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creative worship-beyond Our Prayer Books

02/02/2020 09:44:18 AM

Feb2

Amy Hersh

Maybe you agree – I don’t think Reform Jews like to talk about how to praise God.

Some of you might have jumped out of your chair just reading the previous sentence. The term “praising God” is foreign and frankly embarrassing to some of us. “It’s not what we do” as Reform Jews, especially for individuals who don’t believe in God, a Higher Power, a Creator or similar concepts.

Sure, we read praise liturgy such as Psalm 145, and we begin many prayers with the words, “Baruch atah, Adonai,” which means Blessed are You – words of praise. We have pre-written prayers and blessings for just about every occasion, as Rabbi Jaech points out. But beyond reading what has been written sometimes generations ago, how do we personally offer our praise? Can we go beyond our prayer books and find new, more personal, innovative ways to be worshipful?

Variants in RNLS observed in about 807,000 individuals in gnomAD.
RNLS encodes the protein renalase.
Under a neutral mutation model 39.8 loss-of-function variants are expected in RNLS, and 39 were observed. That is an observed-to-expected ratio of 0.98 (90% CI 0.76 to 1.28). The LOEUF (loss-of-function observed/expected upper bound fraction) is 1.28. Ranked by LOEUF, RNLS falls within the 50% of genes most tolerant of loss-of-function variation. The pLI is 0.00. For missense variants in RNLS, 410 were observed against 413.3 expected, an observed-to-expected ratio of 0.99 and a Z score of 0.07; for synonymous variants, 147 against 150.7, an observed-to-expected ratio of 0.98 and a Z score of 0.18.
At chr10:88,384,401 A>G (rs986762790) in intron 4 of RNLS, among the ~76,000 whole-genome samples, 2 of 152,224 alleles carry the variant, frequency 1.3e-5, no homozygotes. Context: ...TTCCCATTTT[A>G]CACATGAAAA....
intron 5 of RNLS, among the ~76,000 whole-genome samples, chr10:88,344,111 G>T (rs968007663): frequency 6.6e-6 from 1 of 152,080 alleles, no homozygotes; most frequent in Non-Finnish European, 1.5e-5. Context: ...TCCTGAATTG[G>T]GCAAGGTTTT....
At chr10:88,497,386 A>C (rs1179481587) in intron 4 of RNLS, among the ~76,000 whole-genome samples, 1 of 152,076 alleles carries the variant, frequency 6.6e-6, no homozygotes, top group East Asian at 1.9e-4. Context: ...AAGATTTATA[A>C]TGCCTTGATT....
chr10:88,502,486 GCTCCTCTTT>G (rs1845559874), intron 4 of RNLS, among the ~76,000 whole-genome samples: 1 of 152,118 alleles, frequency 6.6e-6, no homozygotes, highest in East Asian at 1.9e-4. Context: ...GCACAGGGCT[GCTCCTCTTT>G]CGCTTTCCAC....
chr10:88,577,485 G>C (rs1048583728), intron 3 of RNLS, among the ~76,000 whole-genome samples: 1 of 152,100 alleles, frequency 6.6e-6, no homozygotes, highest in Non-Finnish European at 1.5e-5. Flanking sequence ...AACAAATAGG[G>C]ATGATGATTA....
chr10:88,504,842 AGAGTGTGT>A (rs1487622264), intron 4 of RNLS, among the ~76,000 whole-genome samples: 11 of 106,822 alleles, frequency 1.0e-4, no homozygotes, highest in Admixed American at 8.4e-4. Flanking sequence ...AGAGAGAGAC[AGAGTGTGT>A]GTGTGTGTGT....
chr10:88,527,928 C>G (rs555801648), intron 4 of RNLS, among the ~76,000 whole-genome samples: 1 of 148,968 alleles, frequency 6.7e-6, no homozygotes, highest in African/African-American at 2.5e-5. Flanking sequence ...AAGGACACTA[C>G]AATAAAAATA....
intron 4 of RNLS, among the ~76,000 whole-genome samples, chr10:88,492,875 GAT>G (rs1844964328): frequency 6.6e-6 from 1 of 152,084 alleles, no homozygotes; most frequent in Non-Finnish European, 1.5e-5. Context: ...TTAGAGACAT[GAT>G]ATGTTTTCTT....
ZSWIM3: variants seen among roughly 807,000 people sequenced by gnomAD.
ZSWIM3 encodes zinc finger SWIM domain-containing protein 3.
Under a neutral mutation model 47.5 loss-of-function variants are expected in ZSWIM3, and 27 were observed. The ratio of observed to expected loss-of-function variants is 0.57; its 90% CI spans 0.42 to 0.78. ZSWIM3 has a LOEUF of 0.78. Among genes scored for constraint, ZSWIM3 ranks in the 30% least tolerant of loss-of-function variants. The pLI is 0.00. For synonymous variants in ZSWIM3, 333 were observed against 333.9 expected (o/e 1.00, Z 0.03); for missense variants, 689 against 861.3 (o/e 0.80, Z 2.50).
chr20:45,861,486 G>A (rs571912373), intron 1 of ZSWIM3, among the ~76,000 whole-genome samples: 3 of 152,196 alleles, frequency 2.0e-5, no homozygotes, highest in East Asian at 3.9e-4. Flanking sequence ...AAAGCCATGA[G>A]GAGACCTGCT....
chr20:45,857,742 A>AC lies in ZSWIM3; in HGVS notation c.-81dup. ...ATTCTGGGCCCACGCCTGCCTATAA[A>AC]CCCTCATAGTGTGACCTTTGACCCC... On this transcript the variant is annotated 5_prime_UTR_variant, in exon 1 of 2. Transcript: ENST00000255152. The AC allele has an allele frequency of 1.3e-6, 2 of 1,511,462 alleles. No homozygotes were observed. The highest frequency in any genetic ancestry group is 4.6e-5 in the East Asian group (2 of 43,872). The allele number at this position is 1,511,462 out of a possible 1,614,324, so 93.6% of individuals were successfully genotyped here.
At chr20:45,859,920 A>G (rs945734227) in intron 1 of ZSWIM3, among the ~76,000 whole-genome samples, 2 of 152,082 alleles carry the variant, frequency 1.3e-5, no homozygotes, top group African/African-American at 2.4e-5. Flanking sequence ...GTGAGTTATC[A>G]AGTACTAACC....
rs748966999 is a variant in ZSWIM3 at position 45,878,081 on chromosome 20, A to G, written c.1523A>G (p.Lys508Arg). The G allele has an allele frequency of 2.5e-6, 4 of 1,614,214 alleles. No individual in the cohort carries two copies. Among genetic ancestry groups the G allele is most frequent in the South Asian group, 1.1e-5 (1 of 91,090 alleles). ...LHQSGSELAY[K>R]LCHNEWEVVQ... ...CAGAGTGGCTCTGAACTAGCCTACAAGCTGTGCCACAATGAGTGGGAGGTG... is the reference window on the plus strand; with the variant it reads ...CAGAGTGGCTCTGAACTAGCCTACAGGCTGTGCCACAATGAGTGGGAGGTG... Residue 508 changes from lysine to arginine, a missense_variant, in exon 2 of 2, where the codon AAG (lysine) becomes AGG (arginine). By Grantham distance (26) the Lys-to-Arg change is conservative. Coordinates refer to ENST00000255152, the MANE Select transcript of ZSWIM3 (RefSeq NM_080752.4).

In the years ahead, that may be one of our most important tasks as Reform Jews. To keep our movement and TINW growing and thriving, we will need to engage in “creative worship.”

Creative worship is the subject of discussion on Reform Judaism’s websites and blogs, as well as Rabbi Jaech’s sermons. What exactly is creative worship? It means being open-minded to different forms of prayer. Prayer isn’t just sitting in our temple reading the same words every week or every year. Any act of tikkun olam outside of synagogue, no matter how small or large, is creative worship. Singing, writing, dancing, and building a physical object can be worship too. We are limited only by our imaginations and by our courage to share our thoughts!

Reform Judaism has always been dynamic and changing. We keep tradition, but we also depend on innovation. Change is never easy – but neither is staying stuck. We are so lucky to be part of a community that welcomes diverse ideas. Please share your ideas about creative worship with Rabbi Jaech, our temple leaders and the Ritual Committee.

Mon, July 6 2020 14 Tammuz 5780